A Skills beyond School Review of the United States
Author(s): Kuczera, Małgorzata; and Field, Simon.
Organizational Author(s): OECD
Funding source not identified
Resource Availability: Publicly available
“A generation ago, the United States had one of the highest levels of both high school and postsecondary attainment in the world. But now the US faces a global skills challenge, given rising education and skills levels in many competitor countries. This report is concerned with postsecondary ‘career and technical education’ (CTE), career-focused associate degrees, postsecondary certificates, and industry certifications” (p.9).
“Three factors may act as barriers to postsecondary attainment. First, the basic skills of US teenagers and high school graduates are relatively weak compared with many other OECD countries. Second, decentralization means that the choices faced by any individual are more difficult and more uncertain, with many routes to a target career or occupation. Third, despite public financial support which makes college programs affordable for many students, the financial risks of investing in postsecondary education can be higher in the US, because costs and returns are highly variable. The joint effect of all three of these factors is that investing in postsecondary education is often more confusing and risky than in many other OECD countries” (p.9).
Chapter 1 “…provides an overview assessment of postsecondary career and technical education (CTE) in the United States, its strengths and the challenges it faces relative to other countries” (p.15).
Chapter 2 “advances recommendations to substantially strengthen quality assurance in postsecondary education and its links to student aid, to ensure that existing rules on quality are enforced, that aspects of quality linked to postsecondary CTE are adequately addressed, and that the collection of data is enhanced, building on the College Scorecard” (p.47).
Chapter 3 covers occupational credentials and recommends “creating a national quality standard for certifications” (p.75).
Chapter 4 discusses transitions out of and into postsecondary programs and “also advances recommendations to improve access to the labor market” (p.91).
And lastly, chapter 5 focuses on a plan to implement the recommendations made throughout the report.
(Abstractor: Author and Website Staff)
Major Findings & Recommendations
The report’s overarching recommendation is: “While taking advantage of the vibrant diversity of the US postsecondary CTE system, balance the decentralized approach with a strategic pursuit of more quality, coherence and transparency” (p.10).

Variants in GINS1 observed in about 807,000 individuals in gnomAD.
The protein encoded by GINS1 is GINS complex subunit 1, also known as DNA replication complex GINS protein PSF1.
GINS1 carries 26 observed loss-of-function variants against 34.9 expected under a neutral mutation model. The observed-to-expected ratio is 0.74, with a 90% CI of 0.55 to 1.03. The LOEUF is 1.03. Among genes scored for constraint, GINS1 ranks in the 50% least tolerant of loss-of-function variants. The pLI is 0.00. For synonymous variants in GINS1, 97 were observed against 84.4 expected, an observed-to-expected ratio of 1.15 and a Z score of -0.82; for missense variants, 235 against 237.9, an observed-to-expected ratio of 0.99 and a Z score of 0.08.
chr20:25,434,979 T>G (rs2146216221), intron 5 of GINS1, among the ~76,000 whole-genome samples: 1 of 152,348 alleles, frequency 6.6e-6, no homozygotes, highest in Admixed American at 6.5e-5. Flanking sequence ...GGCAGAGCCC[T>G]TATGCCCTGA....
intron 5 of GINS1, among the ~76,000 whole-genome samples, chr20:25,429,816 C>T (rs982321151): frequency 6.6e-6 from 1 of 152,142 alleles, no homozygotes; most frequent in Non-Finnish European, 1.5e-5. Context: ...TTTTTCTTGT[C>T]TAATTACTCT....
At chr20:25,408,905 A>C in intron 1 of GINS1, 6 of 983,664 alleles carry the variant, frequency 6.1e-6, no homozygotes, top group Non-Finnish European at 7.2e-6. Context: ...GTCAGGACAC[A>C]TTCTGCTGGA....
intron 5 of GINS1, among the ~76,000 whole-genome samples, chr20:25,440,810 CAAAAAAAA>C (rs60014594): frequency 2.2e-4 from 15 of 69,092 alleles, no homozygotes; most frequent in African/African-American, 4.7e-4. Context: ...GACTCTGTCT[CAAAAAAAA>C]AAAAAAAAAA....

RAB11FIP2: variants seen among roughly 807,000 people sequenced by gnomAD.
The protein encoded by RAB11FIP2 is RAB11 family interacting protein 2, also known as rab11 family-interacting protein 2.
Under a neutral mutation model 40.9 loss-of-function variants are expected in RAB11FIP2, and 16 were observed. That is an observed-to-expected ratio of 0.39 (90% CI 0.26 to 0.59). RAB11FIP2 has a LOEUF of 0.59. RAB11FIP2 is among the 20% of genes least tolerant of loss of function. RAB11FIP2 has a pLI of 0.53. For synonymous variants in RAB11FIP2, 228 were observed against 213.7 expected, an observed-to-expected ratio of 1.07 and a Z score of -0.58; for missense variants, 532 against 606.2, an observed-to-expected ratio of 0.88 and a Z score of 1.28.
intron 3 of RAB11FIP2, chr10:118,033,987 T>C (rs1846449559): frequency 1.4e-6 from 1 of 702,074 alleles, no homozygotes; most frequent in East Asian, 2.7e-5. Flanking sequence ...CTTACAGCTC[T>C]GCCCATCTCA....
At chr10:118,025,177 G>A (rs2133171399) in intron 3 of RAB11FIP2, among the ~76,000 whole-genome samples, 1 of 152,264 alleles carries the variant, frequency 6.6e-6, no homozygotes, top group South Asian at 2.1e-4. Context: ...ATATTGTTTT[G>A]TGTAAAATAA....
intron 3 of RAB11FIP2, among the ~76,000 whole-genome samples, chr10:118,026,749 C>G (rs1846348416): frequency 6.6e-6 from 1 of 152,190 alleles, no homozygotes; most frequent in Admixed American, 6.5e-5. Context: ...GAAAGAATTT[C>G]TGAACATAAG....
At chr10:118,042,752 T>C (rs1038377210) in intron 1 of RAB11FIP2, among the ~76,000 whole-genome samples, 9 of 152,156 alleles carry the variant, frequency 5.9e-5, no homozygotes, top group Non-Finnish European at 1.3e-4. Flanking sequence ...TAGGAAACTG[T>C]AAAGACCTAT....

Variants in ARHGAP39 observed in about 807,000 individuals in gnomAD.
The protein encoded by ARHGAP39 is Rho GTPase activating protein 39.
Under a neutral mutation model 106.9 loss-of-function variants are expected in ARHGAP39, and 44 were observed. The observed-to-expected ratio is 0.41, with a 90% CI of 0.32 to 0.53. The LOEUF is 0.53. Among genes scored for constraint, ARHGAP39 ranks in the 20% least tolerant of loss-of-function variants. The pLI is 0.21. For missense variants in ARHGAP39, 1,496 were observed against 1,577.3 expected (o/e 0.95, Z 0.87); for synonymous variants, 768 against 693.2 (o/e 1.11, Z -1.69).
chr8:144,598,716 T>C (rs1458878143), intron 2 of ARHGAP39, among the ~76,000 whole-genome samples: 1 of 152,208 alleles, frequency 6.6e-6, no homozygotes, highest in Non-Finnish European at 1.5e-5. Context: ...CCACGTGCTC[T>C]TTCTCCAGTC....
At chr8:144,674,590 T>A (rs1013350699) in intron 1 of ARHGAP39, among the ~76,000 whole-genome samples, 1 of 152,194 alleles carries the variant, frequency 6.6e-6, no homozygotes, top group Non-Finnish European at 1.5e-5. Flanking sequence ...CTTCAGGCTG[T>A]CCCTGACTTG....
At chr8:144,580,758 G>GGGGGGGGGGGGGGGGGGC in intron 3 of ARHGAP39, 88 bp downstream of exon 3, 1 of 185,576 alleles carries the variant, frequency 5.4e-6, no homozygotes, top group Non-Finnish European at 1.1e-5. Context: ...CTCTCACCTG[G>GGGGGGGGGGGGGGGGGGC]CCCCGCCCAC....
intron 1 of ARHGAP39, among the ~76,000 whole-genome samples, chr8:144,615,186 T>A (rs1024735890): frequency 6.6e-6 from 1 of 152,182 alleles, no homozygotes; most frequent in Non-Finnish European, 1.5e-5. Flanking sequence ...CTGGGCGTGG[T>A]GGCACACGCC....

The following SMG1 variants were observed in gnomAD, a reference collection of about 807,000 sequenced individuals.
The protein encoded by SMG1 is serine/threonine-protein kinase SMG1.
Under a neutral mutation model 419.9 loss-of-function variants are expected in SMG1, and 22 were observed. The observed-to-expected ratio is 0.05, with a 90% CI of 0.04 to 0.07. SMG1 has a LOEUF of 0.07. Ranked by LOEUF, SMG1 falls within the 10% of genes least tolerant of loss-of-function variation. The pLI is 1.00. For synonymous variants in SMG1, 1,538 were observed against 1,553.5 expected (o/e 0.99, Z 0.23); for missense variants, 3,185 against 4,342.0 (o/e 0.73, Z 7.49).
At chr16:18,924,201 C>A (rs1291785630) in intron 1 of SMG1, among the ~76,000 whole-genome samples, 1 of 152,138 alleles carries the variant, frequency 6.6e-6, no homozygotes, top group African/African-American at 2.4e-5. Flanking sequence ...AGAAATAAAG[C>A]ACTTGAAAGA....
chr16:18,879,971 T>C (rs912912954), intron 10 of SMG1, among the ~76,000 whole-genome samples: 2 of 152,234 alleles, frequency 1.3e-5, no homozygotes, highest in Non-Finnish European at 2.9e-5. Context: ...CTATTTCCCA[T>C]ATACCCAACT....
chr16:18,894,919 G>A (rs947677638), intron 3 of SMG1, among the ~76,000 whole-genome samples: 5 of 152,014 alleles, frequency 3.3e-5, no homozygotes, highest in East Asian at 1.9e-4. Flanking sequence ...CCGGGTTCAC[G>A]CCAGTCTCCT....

The report lists recommendations to help deliver this overarching recommendation. These include:
• “Substantially strengthen quality assurance in postsecondary education and its links to title IV student aid” (p.10), which can be accomplished by linking “… institutional eligibility for title IV student aid to consistent and demanding quality standards” (p.10).
• “Establish a quality standard for certifications and obtain better data on both certifications and certificates…Where industry is willing, establish quality standards for certifications based on industry support and quality in the assessment” (p.12).
• “Systematically develop and support prior learning assessment both as a means of encouraging adults to return to postsecondary education, and because of its wider benefits” (p.13).
• “Develop effective articulation frameworks. To this end, among other matters:
- Build articulation requirements into accreditation procedures.
- Use industry recognized standards in CTE programs to increase their comparability.
- Ensure that students have sufficient information and guidance to understand transition opportunities.
- Continue to develop crosswalks between apprenticeships and other postsecondary institutions and programs” (p.13)
• “Develop workplace training as a standard element in postsecondary CTE programs, taking advantage of the workplace as a learning environment, promoting partnerships between CTE institutions and employers, and securing an effective transition of graduates into employment” (p.14).
(Abstractor: Author and Website Staff)
Workforce System Strategies Content Information
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